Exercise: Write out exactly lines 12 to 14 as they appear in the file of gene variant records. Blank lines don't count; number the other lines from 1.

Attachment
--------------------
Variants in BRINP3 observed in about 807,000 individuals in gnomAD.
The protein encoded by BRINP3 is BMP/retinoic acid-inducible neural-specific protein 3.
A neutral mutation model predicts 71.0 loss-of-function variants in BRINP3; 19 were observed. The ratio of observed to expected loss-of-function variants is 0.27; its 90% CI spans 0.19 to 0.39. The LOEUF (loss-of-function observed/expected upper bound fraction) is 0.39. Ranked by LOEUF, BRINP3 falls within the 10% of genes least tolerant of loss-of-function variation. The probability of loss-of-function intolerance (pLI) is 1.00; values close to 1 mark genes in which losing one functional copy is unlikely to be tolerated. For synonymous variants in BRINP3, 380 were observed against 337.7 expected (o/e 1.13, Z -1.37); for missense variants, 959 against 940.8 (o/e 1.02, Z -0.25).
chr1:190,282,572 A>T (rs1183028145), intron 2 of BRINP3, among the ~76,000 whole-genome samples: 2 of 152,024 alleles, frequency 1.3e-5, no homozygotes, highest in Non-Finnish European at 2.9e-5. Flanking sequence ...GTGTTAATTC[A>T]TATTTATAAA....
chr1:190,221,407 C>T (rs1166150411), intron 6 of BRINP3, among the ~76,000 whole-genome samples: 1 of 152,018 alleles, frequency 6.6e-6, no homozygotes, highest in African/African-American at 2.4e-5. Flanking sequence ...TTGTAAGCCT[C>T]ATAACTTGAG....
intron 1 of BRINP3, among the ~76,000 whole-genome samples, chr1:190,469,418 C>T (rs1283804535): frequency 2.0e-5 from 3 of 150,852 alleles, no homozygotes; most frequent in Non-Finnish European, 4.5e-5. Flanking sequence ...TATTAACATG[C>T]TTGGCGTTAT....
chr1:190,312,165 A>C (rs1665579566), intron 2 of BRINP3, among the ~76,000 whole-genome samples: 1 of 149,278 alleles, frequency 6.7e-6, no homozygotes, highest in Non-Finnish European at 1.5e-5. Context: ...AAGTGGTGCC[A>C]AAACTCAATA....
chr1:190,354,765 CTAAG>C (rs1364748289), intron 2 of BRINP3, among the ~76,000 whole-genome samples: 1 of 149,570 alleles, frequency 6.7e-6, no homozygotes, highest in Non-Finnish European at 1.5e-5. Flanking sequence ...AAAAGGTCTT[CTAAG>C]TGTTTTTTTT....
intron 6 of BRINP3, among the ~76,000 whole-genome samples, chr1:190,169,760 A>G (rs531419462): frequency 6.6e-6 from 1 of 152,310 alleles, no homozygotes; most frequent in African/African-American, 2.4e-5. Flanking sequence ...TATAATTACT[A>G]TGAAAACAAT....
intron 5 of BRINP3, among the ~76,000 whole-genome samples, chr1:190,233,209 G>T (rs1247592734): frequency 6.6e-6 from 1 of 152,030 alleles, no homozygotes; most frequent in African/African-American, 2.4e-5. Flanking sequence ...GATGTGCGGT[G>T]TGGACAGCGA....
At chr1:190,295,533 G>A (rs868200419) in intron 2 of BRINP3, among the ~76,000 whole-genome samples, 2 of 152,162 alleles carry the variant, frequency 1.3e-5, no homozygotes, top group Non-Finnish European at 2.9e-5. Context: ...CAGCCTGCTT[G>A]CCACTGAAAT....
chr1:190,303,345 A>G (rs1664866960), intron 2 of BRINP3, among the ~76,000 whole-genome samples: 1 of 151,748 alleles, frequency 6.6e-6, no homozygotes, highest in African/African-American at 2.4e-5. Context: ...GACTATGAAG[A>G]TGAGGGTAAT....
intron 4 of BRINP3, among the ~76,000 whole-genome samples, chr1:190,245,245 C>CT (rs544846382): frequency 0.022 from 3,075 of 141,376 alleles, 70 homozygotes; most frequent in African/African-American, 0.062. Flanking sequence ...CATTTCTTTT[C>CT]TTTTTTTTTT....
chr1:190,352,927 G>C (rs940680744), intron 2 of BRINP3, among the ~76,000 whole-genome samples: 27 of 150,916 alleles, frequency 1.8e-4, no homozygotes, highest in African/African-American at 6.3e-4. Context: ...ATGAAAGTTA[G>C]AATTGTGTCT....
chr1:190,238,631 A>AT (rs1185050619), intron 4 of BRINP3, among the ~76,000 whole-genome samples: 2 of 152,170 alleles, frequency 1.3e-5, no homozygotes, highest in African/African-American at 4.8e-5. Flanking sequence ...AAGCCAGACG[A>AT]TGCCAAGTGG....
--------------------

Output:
chr1:190,303,345 A>G (rs1664866960), intron 2 of BRINP3, among the ~76,000 whole-genome samples: 1 of 151,748 alleles, frequency 6.6e-6, no homozygotes, highest in African/African-American at 2.4e-5. Context: ...GACTATGAAG[A>G]TGAGGGTAAT....
intron 4 of BRINP3, among the ~76,000 whole-genome samples, chr1:190,245,245 C>CT (rs544846382): frequency 0.022 from 3,075 of 141,376 alleles, 70 homozygotes; most frequent in African/African-American, 0.062. Flanking sequence ...CATTTCTTTT[C>CT]TTTTTTTTTT....
chr1:190,352,927 G>C (rs940680744), intron 2 of BRINP3, among the ~76,000 whole-genome samples: 27 of 150,916 alleles, frequency 1.8e-4, no homozygotes, highest in African/African-American at 6.3e-4. Context: ...ATGAAAGTTA[G>C]AATTGTGTCT....